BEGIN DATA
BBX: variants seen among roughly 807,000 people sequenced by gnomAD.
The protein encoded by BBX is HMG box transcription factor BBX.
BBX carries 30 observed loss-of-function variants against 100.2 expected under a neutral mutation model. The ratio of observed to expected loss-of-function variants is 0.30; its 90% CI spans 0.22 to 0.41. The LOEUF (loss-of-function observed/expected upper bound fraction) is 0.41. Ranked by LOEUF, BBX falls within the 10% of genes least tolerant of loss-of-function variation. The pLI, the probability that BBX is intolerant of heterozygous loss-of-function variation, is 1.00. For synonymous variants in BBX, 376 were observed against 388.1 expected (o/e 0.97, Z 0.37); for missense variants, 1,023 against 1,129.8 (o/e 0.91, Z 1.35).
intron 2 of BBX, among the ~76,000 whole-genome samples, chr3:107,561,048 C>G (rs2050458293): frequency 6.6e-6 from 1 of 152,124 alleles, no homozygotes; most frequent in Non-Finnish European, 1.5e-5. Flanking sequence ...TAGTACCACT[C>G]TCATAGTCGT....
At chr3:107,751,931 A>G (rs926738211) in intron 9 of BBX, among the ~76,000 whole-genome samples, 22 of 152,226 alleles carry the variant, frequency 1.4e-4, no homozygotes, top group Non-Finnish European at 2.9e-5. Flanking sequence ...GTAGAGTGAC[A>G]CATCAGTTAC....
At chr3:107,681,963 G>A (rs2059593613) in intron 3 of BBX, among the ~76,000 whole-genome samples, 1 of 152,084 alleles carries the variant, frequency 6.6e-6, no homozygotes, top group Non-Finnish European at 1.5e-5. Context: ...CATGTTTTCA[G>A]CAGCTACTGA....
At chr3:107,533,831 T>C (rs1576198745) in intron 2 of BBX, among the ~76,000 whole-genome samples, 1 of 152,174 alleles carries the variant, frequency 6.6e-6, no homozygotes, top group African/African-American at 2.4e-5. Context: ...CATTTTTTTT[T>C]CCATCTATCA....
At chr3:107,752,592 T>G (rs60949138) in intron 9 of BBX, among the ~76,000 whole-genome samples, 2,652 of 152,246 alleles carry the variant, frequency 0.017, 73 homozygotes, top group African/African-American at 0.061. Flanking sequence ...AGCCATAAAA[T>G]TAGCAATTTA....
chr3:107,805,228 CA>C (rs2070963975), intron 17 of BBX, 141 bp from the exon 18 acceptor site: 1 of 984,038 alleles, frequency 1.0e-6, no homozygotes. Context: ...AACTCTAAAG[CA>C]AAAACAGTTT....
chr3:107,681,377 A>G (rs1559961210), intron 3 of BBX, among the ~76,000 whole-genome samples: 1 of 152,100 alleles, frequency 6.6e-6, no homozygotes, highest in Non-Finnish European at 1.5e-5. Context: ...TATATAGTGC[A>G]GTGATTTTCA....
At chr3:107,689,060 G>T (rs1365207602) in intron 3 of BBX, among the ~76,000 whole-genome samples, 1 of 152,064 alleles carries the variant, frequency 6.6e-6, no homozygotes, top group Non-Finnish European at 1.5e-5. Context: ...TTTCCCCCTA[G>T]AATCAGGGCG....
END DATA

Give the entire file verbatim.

BBX: variants seen among roughly 807,000 people sequenced by gnomAD.
The protein encoded by BBX is HMG box transcription factor BBX.
BBX carries 30 observed loss-of-function variants against 100.2 expected under a neutral mutation model. The ratio of observed to expected loss-of-function variants is 0.30; its 90% CI spans 0.22 to 0.41. The LOEUF (loss-of-function observed/expected upper bound fraction) is 0.41. Ranked by LOEUF, BBX falls within the 10% of genes least tolerant of loss-of-function variation. The pLI, the probability that BBX is intolerant of heterozygous loss-of-function variation, is 1.00. For synonymous variants in BBX, 376 were observed against 388.1 expected (o/e 0.97, Z 0.37); for missense variants, 1,023 against 1,129.8 (o/e 0.91, Z 1.35).
intron 2 of BBX, among the ~76,000 whole-genome samples, chr3:107,561,048 C>G (rs2050458293): frequency 6.6e-6 from 1 of 152,124 alleles, no homozygotes; most frequent in Non-Finnish European, 1.5e-5. Flanking sequence ...TAGTACCACT[C>G]TCATAGTCGT....
At chr3:107,751,931 A>G (rs926738211) in intron 9 of BBX, among the ~76,000 whole-genome samples, 22 of 152,226 alleles carry the variant, frequency 1.4e-4, no homozygotes, top group Non-Finnish European at 2.9e-5. Flanking sequence ...GTAGAGTGAC[A>G]CATCAGTTAC....
At chr3:107,681,963 G>A (rs2059593613) in intron 3 of BBX, among the ~76,000 whole-genome samples, 1 of 152,084 alleles carries the variant, frequency 6.6e-6, no homozygotes, top group Non-Finnish European at 1.5e-5. Context: ...CATGTTTTCA[G>A]CAGCTACTGA....
At chr3:107,533,831 T>C (rs1576198745) in intron 2 of BBX, among the ~76,000 whole-genome samples, 1 of 152,174 alleles carries the variant, frequency 6.6e-6, no homozygotes, top group African/African-American at 2.4e-5. Context: ...CATTTTTTTT[T>C]CCATCTATCA....
At chr3:107,752,592 T>G (rs60949138) in intron 9 of BBX, among the ~76,000 whole-genome samples, 2,652 of 152,246 alleles carry the variant, frequency 0.017, 73 homozygotes, top group African/African-American at 0.061. Flanking sequence ...AGCCATAAAA[T>G]TAGCAATTTA....
chr3:107,805,228 CA>C (rs2070963975), intron 17 of BBX, 141 bp from the exon 18 acceptor site: 1 of 984,038 alleles, frequency 1.0e-6, no homozygotes. Context: ...AACTCTAAAG[CA>C]AAAACAGTTT....
chr3:107,681,377 A>G (rs1559961210), intron 3 of BBX, among the ~76,000 whole-genome samples: 1 of 152,100 alleles, frequency 6.6e-6, no homozygotes, highest in Non-Finnish European at 1.5e-5. Context: ...TATATAGTGC[A>G]GTGATTTTCA....
At chr3:107,689,060 G>T (rs1365207602) in intron 3 of BBX, among the ~76,000 whole-genome samples, 1 of 152,064 alleles carries the variant, frequency 6.6e-6, no homozygotes, top group Non-Finnish European at 1.5e-5. Context: ...TTTCCCCCTA[G>T]AATCAGGGCG....